An H-2B allows U.S. employers to bring foreign nationals to the United States to fill temporary non-agricultural jobs when U.S. workers are not available. An H-2B must have a foreign residence and must be coming only to fill a non-agricultural position which is temporary or seasonal. Top industries utilizing H-2B workers include landscaping and construction as well as resort and hospitality services, food service and retail. The following is an opinion article written by Douglas D. Conley, Chief Compliance Officer, Action Visa Assistance, Inc.
Politics, Pandemic & Seasonal Employers: The Current State of Play for the H-2 Visa Programs
Business owners and managers know it’s hard enough to find good help, but when you can’t find any help, running your business can be nearly impossible. If your business suffers due to a lack of local labor, Action Visa Assistance may be able to help, so you can do what you do best: run your business. Information about the H2 Temporary Labor Programs is free.
The H-2 programs have been a controversial topic for years. Opponents of the programs accuse employers of not wanting to pay US workers a decent wage, and of preferring to hire foreign workers instead. As a result, a largely uninformed public only hears that jobs are going to foreign, not US workers. There are many in the US Department of Labor and in Congress who echo those same opinions.
Seasonal employers are caught in the middle, arguing that if they were able to hire enough local workers, they wouldn’t have to depend on foreign visas to fill temporary, entry level, non-skilled jobs.
An Increase in H-2 Employer Audits
After filing a suit against a company for discrimination against US workers in May 2018, the USDOJ, USDOL, USCIS and DHS signed a Memorandum of Understanding (MOU) to “combat fraud, abuse and discrimination against US workers, in favor of hiring foreign workers instead.” As a result, and also because of the Buy-American-Hire-American Executive Order, both on-site and letter audits of H2 employers increased. In June 2020, the USDOL Wage and Hour Division announced the hiring of 147 new investigators. Those new agents can almost be guaranteed to add to compliance audits. Due to the COVID-19 virus, the majority of those will undoubtedly be sent to employers via letter.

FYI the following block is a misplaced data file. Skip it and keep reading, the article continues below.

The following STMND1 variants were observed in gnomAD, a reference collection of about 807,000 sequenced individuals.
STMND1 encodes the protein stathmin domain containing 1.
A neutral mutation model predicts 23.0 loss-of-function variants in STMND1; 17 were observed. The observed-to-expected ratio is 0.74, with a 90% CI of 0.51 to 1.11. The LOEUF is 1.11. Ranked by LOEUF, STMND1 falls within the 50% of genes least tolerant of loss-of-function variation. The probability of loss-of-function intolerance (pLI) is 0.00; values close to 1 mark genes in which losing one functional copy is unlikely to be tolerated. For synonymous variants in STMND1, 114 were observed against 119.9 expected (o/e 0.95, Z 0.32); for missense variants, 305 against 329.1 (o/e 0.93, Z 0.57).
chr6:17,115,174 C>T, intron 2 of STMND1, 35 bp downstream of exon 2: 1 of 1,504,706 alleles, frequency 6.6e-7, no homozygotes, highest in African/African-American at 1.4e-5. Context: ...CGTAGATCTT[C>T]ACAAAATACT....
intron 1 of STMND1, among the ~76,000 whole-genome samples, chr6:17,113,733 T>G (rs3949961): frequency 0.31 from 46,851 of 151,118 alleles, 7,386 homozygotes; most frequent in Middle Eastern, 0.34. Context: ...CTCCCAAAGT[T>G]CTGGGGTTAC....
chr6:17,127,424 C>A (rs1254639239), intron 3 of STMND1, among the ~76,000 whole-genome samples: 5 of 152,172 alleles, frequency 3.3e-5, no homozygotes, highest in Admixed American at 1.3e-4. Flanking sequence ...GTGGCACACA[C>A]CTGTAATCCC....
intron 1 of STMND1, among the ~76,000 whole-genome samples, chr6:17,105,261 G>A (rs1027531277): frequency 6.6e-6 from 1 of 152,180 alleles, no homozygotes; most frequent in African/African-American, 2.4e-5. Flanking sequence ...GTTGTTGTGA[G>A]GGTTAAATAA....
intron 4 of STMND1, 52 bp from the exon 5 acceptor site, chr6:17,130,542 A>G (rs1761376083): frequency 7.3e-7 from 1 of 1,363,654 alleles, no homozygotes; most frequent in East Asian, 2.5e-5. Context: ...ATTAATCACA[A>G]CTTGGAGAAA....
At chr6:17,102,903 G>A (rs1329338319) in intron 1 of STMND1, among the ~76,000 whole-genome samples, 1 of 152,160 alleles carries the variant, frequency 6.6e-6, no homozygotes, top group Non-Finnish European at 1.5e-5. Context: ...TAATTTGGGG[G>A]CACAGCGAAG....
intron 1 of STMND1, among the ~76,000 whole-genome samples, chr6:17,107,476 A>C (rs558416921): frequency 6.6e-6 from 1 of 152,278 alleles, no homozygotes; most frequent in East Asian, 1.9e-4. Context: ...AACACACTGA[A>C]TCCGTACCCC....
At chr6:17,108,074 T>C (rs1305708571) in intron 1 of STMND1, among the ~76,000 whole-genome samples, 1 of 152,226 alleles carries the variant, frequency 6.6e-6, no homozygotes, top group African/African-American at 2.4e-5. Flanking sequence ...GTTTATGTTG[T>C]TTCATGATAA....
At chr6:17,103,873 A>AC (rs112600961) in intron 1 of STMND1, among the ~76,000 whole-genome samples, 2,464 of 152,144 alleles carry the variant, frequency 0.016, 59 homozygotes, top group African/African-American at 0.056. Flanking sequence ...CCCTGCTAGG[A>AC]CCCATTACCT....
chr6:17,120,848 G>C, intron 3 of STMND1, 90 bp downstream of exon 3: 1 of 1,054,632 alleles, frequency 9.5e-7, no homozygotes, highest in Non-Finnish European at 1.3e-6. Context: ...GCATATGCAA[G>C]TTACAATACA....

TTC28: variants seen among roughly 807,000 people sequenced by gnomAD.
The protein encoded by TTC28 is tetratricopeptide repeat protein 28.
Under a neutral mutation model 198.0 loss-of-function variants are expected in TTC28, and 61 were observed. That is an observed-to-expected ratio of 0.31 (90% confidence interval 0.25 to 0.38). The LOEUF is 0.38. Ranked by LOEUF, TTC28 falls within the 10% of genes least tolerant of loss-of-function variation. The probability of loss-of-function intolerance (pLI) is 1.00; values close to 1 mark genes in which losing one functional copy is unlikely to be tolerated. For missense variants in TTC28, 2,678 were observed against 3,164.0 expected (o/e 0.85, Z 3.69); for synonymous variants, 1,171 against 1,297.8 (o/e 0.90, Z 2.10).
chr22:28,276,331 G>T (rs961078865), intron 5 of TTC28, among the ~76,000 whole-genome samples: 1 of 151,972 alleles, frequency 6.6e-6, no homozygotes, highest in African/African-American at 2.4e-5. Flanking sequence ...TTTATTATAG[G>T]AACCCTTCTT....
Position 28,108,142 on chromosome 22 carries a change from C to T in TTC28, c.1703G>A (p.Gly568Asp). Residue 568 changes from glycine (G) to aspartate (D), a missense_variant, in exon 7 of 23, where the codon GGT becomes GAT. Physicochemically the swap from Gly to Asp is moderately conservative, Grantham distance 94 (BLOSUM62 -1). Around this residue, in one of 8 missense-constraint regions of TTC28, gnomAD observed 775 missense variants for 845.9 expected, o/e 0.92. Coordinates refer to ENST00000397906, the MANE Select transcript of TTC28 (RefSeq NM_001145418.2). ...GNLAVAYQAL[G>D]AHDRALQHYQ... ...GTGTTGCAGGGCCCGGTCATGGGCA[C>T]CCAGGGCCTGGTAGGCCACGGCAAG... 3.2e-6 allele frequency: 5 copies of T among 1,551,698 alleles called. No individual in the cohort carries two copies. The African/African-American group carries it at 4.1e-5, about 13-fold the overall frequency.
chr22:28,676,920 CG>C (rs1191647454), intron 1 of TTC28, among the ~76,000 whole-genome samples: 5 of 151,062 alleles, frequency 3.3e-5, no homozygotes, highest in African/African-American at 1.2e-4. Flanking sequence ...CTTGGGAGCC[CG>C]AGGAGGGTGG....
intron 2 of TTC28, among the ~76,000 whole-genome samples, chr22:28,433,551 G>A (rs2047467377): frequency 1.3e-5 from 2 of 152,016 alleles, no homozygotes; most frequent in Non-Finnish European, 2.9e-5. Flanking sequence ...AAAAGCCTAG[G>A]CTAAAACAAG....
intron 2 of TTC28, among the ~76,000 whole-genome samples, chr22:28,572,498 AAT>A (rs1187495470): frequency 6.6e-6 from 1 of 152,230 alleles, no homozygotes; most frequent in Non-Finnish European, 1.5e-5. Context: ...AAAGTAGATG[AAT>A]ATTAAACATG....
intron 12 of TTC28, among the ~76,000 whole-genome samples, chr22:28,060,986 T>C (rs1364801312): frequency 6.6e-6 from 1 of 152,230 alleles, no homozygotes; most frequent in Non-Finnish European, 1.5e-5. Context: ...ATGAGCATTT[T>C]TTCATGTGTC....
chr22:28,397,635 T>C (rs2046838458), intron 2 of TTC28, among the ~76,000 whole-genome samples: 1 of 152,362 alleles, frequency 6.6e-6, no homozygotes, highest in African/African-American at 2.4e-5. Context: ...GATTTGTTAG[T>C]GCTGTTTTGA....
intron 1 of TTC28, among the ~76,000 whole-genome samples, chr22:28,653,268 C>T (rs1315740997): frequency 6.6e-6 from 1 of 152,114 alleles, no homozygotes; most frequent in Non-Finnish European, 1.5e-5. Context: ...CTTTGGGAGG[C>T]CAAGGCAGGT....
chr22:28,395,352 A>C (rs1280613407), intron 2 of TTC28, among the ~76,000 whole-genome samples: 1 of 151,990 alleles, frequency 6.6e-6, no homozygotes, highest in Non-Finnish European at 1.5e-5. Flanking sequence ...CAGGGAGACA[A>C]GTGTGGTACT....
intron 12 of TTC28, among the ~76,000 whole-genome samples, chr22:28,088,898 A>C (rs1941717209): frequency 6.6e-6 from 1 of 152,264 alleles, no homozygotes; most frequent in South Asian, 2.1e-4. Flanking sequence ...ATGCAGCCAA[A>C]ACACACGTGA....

The Unemployment Rate and H-2B Demand
Prior to March 2020, the low unemployment rates seen from 2016 to 2000 contributed to a yearly increase in the number of seasonal employers applying for H-2B workers. This resulted in the limited number of available visas being taken faster each year. Due to the demand, which must be certified by the US Department of Labor, Congress gave discretionary authority to the Department of Homeland Security to increase the number of H-2B visas, which they did, although not to the extent for which they were authorized. DHS released an additional 20,000 visas in each of 2017, 2018 and 2019.
DHS had been posed to release 30,000 visas in 2020, but due to the rapid increase in the unemployment rate from 3.5 percent to 14 percent, DHS withdrew those additional visas. The administration did not believe it looked good, politically, to issue more foreign work visas while so many US workers were being unemployed.
In an effort to “protect American workers,” all H-2B visas have been put on hold, with the Department of Homeland Security and the Department of State only recently releasing their guidelines of which H-2B occupations might be exempted from the immigration moratorium, that is due to end at the end of 2020. It has not affected the H-2A program for agricultural employers, such as farms, orchards and wholesale growers to the degree that it has for H-2B employers.
The government seems to view, and even treat H-2A [agriculture] employers differently than their H-2B counterparts, who have the same issue with a lack of adequate local, temporary, willing and available labor.
While H-2A employers are still being audited for compliance, the H-2A program has no limit on the number of workers, who are still being processed through the border. In fact, normal consulate interview requirements have been waived for agricultural workers, which is not the case with H-2B workers.
In spite of 10 percent unemployment, thankfully down from 14 percent, H-2B employers are still seeking US applicants. The government has made a few minor allowances to help H-2 employers. For example, the 36-month continuous presence limit has been temporarily waived, making it easier and faster for qualifying employers to have access to workers already in the US.
What You Can Do
In the interim, as we wait for Congress, and for the unemployment rate to drop, it is important for employers to do the following:
- Pay very close attention to the language in your job ad
- Seriously consider State Workforce Agency (SWA) referrals
- Take the time to properly record and document required criteria, and periodically perform a review, or “audit” of your program records
- Records must be available within 72 hours of demand by the US Department of Labor. With penalties of nearly $13,000 per violation, non-compliance can be costly.